7 Statements Every Leader Needs to Use Often
One of the goals of a leader should be to encourage, strengthen, and challenge a team to continually improve. Almost as a cheerleader rousing the crowd at a game, the leader uses his or her influence to bring out the best in others.
How do leaders do that?
One way is by the questions and statements we make as leaders. This post is an extension of that thought — this time some statements.
Here are 7 statements leaders should memorize and use often:
I believe in you.
Don’t say it if you don’t mean it. That’s not helpful. But, hopefully as a leader you are surrounding yourself with people in which you do believe. Tell them. Everyone needs to know this, but in my experience, this is even more important the newer the person is on the team.
You are an asset to this team.
Let them know they make a difference. One of the best ways to do this is by bragging on people when they do something well in front of the rest of the team. Even the most introverted person enjoys this kind of recognition.
I’ve got your back.
If you are an empowering leader — and you should be — then people are stepping out on their own, taking risks for the benefit of the organization. They need to know you support them — even when mistakes are made.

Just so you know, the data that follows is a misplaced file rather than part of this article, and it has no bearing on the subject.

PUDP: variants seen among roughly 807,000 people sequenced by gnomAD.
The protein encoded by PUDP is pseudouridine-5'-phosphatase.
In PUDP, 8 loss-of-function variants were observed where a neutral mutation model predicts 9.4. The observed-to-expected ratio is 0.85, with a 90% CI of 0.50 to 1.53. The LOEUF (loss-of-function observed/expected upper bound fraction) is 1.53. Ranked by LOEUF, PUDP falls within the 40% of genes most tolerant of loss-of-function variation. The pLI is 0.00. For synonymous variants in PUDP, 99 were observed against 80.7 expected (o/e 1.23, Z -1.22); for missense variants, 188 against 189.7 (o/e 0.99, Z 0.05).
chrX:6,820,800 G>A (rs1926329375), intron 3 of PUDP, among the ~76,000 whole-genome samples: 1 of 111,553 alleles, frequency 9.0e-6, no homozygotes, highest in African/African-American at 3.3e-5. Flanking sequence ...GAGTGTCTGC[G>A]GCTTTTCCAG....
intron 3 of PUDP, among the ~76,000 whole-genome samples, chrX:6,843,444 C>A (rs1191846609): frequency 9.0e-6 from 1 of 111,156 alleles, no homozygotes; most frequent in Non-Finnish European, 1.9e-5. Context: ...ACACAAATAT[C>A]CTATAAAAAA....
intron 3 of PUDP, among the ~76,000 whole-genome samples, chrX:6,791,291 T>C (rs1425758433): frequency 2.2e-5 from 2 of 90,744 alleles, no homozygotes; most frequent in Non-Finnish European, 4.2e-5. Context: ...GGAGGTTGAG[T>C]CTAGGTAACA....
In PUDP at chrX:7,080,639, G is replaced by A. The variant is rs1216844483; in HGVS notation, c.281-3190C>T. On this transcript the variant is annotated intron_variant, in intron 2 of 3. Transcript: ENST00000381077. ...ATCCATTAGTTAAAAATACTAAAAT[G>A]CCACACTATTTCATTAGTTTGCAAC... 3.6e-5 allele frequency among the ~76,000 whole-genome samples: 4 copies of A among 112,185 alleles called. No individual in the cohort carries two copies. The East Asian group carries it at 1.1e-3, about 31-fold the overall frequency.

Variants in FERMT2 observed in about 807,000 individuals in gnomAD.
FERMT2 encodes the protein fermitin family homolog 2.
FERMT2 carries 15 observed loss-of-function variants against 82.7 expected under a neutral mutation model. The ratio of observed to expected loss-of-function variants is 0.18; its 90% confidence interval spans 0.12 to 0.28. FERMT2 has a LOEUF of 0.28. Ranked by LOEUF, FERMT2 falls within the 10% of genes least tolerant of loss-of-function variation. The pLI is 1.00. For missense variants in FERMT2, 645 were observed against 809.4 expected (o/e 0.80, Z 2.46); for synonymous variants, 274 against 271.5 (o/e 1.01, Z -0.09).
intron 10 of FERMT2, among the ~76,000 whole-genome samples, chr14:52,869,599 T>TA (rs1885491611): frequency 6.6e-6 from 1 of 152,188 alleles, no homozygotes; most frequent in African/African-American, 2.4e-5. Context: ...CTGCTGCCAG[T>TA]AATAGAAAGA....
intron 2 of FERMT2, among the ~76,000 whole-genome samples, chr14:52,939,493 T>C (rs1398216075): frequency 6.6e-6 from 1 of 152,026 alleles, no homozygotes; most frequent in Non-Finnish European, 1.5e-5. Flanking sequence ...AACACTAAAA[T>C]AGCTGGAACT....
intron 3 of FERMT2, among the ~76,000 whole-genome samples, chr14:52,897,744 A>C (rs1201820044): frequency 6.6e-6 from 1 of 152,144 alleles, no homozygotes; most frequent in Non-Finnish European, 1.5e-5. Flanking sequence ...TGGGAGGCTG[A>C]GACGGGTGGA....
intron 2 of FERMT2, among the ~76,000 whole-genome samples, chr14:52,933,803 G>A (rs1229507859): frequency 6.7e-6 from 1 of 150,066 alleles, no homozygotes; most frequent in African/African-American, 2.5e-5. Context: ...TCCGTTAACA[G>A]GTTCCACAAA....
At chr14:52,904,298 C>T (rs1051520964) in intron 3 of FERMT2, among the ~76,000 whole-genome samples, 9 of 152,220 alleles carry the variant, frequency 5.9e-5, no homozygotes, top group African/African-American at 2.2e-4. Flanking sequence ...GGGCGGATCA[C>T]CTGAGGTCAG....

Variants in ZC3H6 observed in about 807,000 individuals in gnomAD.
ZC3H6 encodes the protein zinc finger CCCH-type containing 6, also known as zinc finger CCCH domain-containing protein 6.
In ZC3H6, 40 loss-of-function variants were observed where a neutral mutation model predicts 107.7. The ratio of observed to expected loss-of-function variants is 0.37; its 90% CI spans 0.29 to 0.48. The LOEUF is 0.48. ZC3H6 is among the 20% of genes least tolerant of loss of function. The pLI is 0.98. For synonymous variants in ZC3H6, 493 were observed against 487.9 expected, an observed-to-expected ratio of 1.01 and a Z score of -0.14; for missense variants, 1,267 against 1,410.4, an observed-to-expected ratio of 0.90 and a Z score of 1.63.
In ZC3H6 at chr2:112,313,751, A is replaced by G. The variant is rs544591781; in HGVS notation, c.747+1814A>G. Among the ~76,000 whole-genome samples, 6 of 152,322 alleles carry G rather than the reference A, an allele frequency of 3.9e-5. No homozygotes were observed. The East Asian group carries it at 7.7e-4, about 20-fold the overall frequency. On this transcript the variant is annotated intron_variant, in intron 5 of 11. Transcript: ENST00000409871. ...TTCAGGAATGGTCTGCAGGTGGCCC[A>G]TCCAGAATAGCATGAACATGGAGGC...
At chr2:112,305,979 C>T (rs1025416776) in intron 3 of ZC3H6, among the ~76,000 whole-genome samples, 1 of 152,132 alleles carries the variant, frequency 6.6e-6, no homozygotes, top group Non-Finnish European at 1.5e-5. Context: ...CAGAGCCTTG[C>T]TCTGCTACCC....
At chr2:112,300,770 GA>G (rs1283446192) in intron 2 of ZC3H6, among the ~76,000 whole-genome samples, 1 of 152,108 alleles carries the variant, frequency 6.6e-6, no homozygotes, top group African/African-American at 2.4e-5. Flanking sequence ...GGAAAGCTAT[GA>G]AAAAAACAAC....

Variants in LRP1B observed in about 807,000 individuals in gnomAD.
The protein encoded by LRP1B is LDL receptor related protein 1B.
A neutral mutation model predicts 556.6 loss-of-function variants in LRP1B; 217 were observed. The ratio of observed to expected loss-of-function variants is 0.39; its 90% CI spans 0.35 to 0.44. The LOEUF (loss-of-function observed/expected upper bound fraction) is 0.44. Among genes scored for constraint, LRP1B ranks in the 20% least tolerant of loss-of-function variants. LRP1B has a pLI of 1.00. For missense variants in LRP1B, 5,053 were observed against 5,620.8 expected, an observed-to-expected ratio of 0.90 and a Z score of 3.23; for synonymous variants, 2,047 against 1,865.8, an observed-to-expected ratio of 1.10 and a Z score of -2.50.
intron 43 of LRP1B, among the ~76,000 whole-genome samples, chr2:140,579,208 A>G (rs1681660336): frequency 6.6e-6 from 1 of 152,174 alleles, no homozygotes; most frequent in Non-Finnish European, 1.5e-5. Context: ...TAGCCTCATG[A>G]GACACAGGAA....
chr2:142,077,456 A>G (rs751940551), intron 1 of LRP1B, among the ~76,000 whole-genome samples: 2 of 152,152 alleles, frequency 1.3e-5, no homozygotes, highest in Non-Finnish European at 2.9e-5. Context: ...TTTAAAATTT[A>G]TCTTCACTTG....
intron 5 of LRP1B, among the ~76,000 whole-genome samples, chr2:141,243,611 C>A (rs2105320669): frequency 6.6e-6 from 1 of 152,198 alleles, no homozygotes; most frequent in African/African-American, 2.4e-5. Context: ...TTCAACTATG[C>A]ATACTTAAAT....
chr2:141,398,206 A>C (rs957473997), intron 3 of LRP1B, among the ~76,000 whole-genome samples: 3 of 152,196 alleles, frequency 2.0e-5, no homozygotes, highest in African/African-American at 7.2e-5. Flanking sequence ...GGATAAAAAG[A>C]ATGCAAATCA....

You did a great job.
If they did — tell them. Never miss an opportunity to give post-project encouragement. Celebrating wins encourages the team and more wins.
I want to help you reach your personal goals.
This could even mean the person would no longer be on your team if they did, but it protects their loyalty while they are and this type environment welcomes the highest caliber of leaders. They are willing to work with you because they know you won’t attempt to hold them back from their own goals — in fact, you will encourage them.
I respect you for _______.
Be specific. What is it that impresses you about this team member? What do they uniquely add to the team? Tell them. The power of this one is exponential.
I trust you.
This one requires more than words. You’ll have to prove it with your actions. But, when a team member feels trusted by the leader they are more willing to take risks. They will have more loyalty to the leader — trusting the leader in return. They will be more likely to overlook the days you aren’t leading quite as well.
You may not be able to use these phrases every day. You shouldn’t overuse them. They need to be genuine, heartfelt and honest. That may not even happen every week. But, as often as you can, slip a few of these into your memory bank and pull them out where appropriate. They will help you build a better team.
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